Since that publication, these analyses were expanded to include measures of real-world outcomes.11 Results indicated that everyday functioning (SLOF) experienced a decline over time (AV 1).11 Overall, these data suggested that as the UPSA and SSPA deteriorated, there was a corresponding deterioration in everyday functioning.

AV 1. Specific Levels of Functioning (SLOF) Everyday Functioning Scores Over 3 Assessments (00:48)


One of the clear implications of these results was that direct intervention on cognition and functional capacity should be strongly considered. Cognitive remediation and skills training interventions have been shown to improve cognition and functioning12 and to be effective even in some of the most intractable patients.13 Additionally, these data suggested that reducing the risk factors for cortical deterioration, such as extended periods of psychosis, may represent a complementary approach. Finally, these interventions may reduce the subtle progressive cognitive changes seen in some of these patients.

  1. Buchanan RW, Davis M, Goff D, et al. Schizophr Bull. 2005;31(1):5–19. doi:10.1093/schbul/sbi020 PubMed
  2. Seidman LJ, Giuliano AJ, Meyer EC, et al. Arch Gen Psychiatry. 2010;67(6):578–588. doi:10.1001/archgenpsychiatry.2010.66 PubMed
  3. Heaton RK, Gladsjo JA, Palmer BW, et al. Arch Gen Psychiatry. 2001;58(1):24–32. doi:10.1001/archpsyc.58.1.24 PubMed
  4. Loewenstein DA, Czaja SJ, Bowie CR, et al. Am J Geriatr Psychiatry. 2012;20(1):29–40. doi:10.1097/JGP.0b013e31823bc08c PubMed
  5. Kurtz MM, Seltzer JC, Fujimoto M, et al. Schizophr Res. 2009;107(2-3):267–274. doi:10.1016/j.schres.2008.10.014 PubMed
  6. Davidson M, Harvey PD, Powchik P, et al. Am J Psychiatry. 1995;152(2):197–207. PubMed
  7. Harvey PD, Howanitz E, Parrella M, et al. Am J Psychiatry. 1998;155(8):1080–1086. PubMed
  8. Harvey PD, Davidson M. In: Davis KL, Charney D, Coyle JT, et al, eds. Neuropsychopharmacology: Fifth Generation of Progress. Philadelphia, PA: Lippincott; 2002:641–655.
  9. Friedman JI, Harvey PD, Coleman T, et al. Am J Psychiatry. 2001;158(9):1441–1448. doi:10.1176/appi.ajp.158.9.1441 PubMed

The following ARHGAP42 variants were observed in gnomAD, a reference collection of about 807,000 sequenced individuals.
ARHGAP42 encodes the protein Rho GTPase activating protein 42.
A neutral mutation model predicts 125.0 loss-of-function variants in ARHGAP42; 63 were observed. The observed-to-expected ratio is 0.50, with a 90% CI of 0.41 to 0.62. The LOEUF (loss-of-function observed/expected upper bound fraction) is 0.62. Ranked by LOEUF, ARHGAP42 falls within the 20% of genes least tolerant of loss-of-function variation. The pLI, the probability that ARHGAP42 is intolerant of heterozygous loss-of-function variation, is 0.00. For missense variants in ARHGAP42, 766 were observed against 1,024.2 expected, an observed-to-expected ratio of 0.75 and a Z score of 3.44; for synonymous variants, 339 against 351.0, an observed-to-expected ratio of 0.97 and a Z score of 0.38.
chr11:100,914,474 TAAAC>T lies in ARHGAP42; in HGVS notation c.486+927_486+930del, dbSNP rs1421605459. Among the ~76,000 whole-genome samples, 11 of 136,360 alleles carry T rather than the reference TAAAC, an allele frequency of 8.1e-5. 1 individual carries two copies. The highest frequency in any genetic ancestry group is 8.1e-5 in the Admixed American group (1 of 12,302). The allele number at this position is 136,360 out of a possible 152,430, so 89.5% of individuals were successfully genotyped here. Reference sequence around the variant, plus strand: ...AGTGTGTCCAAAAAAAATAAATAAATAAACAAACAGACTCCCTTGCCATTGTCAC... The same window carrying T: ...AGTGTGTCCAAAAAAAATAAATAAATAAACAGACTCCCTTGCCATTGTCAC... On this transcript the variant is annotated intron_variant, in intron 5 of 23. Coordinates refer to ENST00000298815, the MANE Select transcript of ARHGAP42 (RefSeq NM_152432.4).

10. Harvey PD, Reichenberg A, Bowie CR, et al. Biol Psychiatry. 2010;67(10):933–939. doi:10.1016/j.biopsych.2010.01.008 PubMed
  11. Reichenberg A, Feo C, Prestia D, et al. Everyday functioning in schizophrenia: the longitudinal course and correlates. Schizophr Res: Cogn. In press.
  12. Wykes T, Huddy V, Cellard C, et al. Am J Psychiatry. 2011;168(5):472–485. doi:10.1176/appi.ajp.2010.10060855 PubMed
  13. Lindenmayer JP, McGurk SR, Mueser KT, et al. Psychiatr Serv. 2008;59(3):241–247. doi:10.1176/ PubMed
Philip D. Harvey, PhD

Philip D. Harvey, PhD

University of Miami Miller School of Medicine, Miami, Florida

This Brief Report is derived from the roundtable meeting “Understanding the lifetime course of schizophrenia: a longitudinal perspective on neurobiology to promote better outcomes and recovery,” which was held October 15, 2013. The author acknowledges Healthcare Global Village for editorial assistance in developing the manuscripts.

The meeting, manuscript preparation, and dissemination of this brief report were supported by Otsuka America Pharmaceutical, Inc., and Lundbeck. All faculty received a fee for service from Otsuka America Pharmaceutical, Inc., and Lundbeck for participation in the meeting and preparation of the manuscripts.

Faculty Disclosure

Dr Harvey received a fee for service from Otsuka America Pharmaceutical, Inc., and Lundbeck for participation in the meeting and preparation of this manuscript and, during the past year, has received consulting fees from Abbvie, Boehringer-Ingleheim, En Vivo, Forest, Genentech, Otsuka America Pharmaceutical, Inc., Sunovion, and Takeda.


The opinions expressed herein are those of the authors and do not necessarily reflect the opinions of the publisher, the American Society of Clinical Psychopharmacology, Healthcare Global Village, or the commercial supporters.

doi: 10.4088/JCP.13065br4